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Here's a little SVN problem:

I create a directory locally:

$ svn mkdir output
A         output

I accidentally remove it:

rm -rf output

Now, how do I recreate it? I tried this:

$ svn mkdir output
svn: 'output' is already under version control

And this:

$ svn revert output
Reverted 'output'

But it's still not there.

UPDATE: People are suggesting that a simple mkdir output should have been enough after removing it. But in my SVN version that is not the case. It ignores the fact that there is an output/.svn directory that I also removed. Just mkdir output won't bring that one back, of course. So, somehow, SVN has to be involved in the recreation of that output directory. (I'm using SVN 1.4.6.)

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4 Answers 4

up vote 7 down vote accepted

Remove it officially in SVN:

$  svn rm --force output
svn: 'output' does not exist

Then create it again:

$ svn mkdir output 
A         output

That output from svn remove above is a bit misleading. I thought the remove had failed, and it wouldn't change anything.

It's not the most intuitive approach here by SVN, but this way it works.

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svn: 'output' does not exists is more a warning I think, 'svn rm' indeed removes the missing directory. From what I've seen, the --force parameter isn't necessary here –  Sander Rijken Feb 23 '09 at 20:53

Just mkdir output should have been enough.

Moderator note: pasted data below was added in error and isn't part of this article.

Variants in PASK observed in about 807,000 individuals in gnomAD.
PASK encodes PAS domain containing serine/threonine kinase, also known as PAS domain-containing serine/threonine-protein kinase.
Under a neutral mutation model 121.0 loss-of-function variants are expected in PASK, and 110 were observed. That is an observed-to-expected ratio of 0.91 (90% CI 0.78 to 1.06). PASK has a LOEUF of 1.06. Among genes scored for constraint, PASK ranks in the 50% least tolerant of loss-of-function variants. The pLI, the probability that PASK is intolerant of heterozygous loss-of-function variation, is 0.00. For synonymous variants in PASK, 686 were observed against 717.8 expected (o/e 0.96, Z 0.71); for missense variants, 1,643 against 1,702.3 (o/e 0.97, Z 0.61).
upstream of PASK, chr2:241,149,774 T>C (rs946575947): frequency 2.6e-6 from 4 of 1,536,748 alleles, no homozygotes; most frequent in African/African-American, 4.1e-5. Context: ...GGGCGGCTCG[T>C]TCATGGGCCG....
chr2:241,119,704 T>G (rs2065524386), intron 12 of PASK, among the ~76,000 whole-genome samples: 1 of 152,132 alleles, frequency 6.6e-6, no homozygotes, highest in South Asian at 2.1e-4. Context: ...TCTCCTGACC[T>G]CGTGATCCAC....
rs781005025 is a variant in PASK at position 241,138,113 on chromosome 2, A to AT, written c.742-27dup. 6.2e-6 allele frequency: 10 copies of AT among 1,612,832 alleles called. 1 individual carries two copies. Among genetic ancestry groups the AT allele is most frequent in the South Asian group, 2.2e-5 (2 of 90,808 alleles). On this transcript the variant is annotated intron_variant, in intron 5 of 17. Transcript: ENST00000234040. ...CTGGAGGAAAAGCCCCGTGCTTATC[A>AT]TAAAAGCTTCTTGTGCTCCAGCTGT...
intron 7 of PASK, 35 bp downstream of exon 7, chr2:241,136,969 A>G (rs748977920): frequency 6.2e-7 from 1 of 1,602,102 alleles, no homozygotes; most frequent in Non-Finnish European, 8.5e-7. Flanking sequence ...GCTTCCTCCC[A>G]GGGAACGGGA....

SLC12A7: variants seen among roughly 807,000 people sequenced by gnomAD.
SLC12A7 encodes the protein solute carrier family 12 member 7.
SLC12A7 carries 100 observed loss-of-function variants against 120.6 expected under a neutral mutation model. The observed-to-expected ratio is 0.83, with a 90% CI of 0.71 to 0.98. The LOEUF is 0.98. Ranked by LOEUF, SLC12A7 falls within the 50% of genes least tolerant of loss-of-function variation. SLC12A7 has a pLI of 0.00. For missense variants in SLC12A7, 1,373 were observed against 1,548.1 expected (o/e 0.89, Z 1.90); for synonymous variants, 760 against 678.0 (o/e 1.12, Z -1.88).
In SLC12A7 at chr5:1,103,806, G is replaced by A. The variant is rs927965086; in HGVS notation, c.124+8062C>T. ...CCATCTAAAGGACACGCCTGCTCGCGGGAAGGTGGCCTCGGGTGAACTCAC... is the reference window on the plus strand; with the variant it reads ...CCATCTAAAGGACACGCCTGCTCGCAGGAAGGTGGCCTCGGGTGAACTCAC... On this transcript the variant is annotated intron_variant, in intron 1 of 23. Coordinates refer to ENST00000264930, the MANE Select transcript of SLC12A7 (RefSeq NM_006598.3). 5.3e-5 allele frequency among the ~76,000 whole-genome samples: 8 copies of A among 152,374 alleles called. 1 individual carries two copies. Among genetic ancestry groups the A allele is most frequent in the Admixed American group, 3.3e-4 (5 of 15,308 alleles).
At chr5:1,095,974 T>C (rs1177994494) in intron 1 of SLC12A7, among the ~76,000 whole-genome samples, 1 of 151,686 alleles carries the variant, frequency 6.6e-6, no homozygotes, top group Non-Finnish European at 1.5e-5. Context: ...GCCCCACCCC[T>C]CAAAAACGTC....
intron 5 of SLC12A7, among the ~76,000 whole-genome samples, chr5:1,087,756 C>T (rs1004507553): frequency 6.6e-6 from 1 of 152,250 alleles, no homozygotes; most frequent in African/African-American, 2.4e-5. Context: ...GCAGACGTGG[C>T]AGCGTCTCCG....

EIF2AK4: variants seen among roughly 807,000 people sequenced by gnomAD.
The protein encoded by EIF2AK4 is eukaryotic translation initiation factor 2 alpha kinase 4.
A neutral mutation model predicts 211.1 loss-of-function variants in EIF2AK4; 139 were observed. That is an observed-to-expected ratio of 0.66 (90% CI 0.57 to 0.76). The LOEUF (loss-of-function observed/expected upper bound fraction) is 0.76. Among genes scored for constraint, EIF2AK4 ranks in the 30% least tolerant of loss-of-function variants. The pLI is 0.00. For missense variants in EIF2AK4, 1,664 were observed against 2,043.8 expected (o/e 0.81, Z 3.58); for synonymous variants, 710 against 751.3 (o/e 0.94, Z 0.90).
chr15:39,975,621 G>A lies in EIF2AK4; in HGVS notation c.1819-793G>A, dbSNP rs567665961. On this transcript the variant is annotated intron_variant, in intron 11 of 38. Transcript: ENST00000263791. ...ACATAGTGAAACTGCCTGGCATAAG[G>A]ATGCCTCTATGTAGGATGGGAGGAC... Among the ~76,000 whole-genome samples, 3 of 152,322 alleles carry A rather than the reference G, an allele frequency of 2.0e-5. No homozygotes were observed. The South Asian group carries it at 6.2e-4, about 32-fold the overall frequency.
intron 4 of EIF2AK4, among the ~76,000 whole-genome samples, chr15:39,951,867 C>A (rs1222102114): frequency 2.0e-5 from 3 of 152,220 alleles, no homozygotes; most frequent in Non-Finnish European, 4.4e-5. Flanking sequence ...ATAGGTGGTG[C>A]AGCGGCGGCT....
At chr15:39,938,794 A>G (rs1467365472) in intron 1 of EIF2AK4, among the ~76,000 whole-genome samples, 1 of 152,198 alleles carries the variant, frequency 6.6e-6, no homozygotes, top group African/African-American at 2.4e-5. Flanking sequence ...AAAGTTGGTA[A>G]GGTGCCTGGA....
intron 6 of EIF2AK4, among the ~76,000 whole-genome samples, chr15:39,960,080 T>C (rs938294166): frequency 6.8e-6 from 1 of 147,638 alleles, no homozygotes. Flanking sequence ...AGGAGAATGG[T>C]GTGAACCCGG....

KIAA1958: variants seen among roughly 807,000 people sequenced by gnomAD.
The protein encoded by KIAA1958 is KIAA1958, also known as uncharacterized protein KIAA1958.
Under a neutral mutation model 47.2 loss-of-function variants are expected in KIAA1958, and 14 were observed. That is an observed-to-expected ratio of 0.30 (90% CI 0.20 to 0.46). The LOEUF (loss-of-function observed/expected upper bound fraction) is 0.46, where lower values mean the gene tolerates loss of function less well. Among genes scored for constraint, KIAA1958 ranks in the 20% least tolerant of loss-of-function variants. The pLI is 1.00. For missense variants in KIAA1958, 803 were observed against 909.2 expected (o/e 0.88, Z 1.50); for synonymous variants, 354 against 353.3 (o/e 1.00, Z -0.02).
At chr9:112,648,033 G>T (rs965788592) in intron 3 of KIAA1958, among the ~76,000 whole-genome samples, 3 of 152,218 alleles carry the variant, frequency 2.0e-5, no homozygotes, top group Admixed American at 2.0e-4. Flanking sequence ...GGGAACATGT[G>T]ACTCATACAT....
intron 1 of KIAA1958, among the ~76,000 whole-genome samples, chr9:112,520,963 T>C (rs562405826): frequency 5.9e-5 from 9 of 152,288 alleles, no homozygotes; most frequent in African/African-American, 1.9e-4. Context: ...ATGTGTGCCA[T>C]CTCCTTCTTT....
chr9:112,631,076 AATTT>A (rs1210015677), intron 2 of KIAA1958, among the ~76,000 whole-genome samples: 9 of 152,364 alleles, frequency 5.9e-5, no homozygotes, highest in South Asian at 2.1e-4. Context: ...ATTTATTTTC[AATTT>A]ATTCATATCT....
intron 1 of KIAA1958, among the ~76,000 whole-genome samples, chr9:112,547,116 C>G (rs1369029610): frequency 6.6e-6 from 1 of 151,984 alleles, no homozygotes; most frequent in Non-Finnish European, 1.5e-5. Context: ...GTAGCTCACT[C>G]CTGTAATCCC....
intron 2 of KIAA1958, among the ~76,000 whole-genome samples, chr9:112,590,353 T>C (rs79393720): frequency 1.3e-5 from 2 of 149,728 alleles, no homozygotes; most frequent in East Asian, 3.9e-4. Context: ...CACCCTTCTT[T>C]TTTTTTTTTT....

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I think that is not right -- see my Update. –  Frank Feb 23 '09 at 21:08

The thing to understand about this is the distinction between the directories that are maintained by SVN and the ones maintained by your local file system.

The four commands, issued in your original post, do the following

  1. Tell SVN that you wish to add a directory called 'output' to the SVN repository - it responds by adding that information to its 'changelist'
  2. Remove the 'output' from your local file system - SVN is NOT aware of this taking place
  3. Tell SVN that you wish to add a directory called 'output' to the SVN repository - it complains because 'You told me that already!'
  4. Tell SVN that you've changed your mind about adding the 'output' directory - it obliges, by removing that information from its 'changelist'

If you had simply issued...

mkdir output

... as your step three, everything would have been fine - the directory was removed using the file system, so it should be restored using the file system. There is no reason to get SVN involved in the restoration and, as you found, attempting to do so simply confuses matters.

HTH

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wait, but what about the .svn subdirectory? That would have been lost in that case. I remove the directory that was created by SVN and just put a new one there that has no .svn in it. I don't think that would work. –  Frank Feb 23 '09 at 16:08
    
@Dehmann, you are, indeed, correct. A good case of me not fully considering my answer before posting. I do hope, however, that you now appreciate the difference between SVN operations and file system operations. In future, when you get to step 2, simply issue steps 4 and 1, to recover the situation. –  belugabob Feb 24 '09 at 8:50

You could also try re-creating the directory with just mkdir.

svn mkdir creates the directory and also does the equivalent of svn add, but in one step.

So the reason you are having problems is because of the "add" that was done. Since you did not commit, revert will do nothing, and svn mkdir won't work since Subversion already has the directory listed for adding on the next commit (since your rm was outside of Subversion).

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